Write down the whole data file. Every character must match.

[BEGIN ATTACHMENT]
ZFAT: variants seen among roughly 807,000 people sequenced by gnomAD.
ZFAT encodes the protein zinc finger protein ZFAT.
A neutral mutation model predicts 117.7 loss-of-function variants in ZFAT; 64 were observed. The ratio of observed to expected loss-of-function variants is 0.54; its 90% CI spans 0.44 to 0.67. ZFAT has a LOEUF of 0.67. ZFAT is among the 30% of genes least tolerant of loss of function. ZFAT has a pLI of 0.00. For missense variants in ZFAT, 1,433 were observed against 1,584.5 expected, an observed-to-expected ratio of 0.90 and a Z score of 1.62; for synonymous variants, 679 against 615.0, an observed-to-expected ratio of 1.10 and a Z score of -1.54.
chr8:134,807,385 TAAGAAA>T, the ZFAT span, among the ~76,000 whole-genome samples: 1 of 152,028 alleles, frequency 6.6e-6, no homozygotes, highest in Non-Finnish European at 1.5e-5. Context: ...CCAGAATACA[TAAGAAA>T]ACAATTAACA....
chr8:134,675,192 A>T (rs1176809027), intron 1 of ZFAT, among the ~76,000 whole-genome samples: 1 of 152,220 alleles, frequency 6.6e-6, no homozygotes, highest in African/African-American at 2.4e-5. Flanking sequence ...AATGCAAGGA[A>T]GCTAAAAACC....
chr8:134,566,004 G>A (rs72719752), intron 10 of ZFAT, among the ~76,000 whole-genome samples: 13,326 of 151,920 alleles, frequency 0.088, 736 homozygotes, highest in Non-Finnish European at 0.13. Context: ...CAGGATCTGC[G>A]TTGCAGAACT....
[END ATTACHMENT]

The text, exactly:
ZFAT: variants seen among roughly 807,000 people sequenced by gnomAD.
ZFAT encodes the protein zinc finger protein ZFAT.
A neutral mutation model predicts 117.7 loss-of-function variants in ZFAT; 64 were observed. The ratio of observed to expected loss-of-function variants is 0.54; its 90% CI spans 0.44 to 0.67. ZFAT has a LOEUF of 0.67. ZFAT is among the 30% of genes least tolerant of loss of function. ZFAT has a pLI of 0.00. For missense variants in ZFAT, 1,433 were observed against 1,584.5 expected, an observed-to-expected ratio of 0.90 and a Z score of 1.62; for synonymous variants, 679 against 615.0, an observed-to-expected ratio of 1.10 and a Z score of -1.54.
chr8:134,807,385 TAAGAAA>T, the ZFAT span, among the ~76,000 whole-genome samples: 1 of 152,028 alleles, frequency 6.6e-6, no homozygotes, highest in Non-Finnish European at 1.5e-5. Context: ...CCAGAATACA[TAAGAAA>T]ACAATTAACA....
chr8:134,675,192 A>T (rs1176809027), intron 1 of ZFAT, among the ~76,000 whole-genome samples: 1 of 152,220 alleles, frequency 6.6e-6, no homozygotes, highest in African/African-American at 2.4e-5. Flanking sequence ...AATGCAAGGA[A>T]GCTAAAAACC....
chr8:134,566,004 G>A (rs72719752), intron 10 of ZFAT, among the ~76,000 whole-genome samples: 13,326 of 151,920 alleles, frequency 0.088, 736 homozygotes, highest in Non-Finnish European at 0.13. Context: ...CAGGATCTGC[G>A]TTGCAGAACT....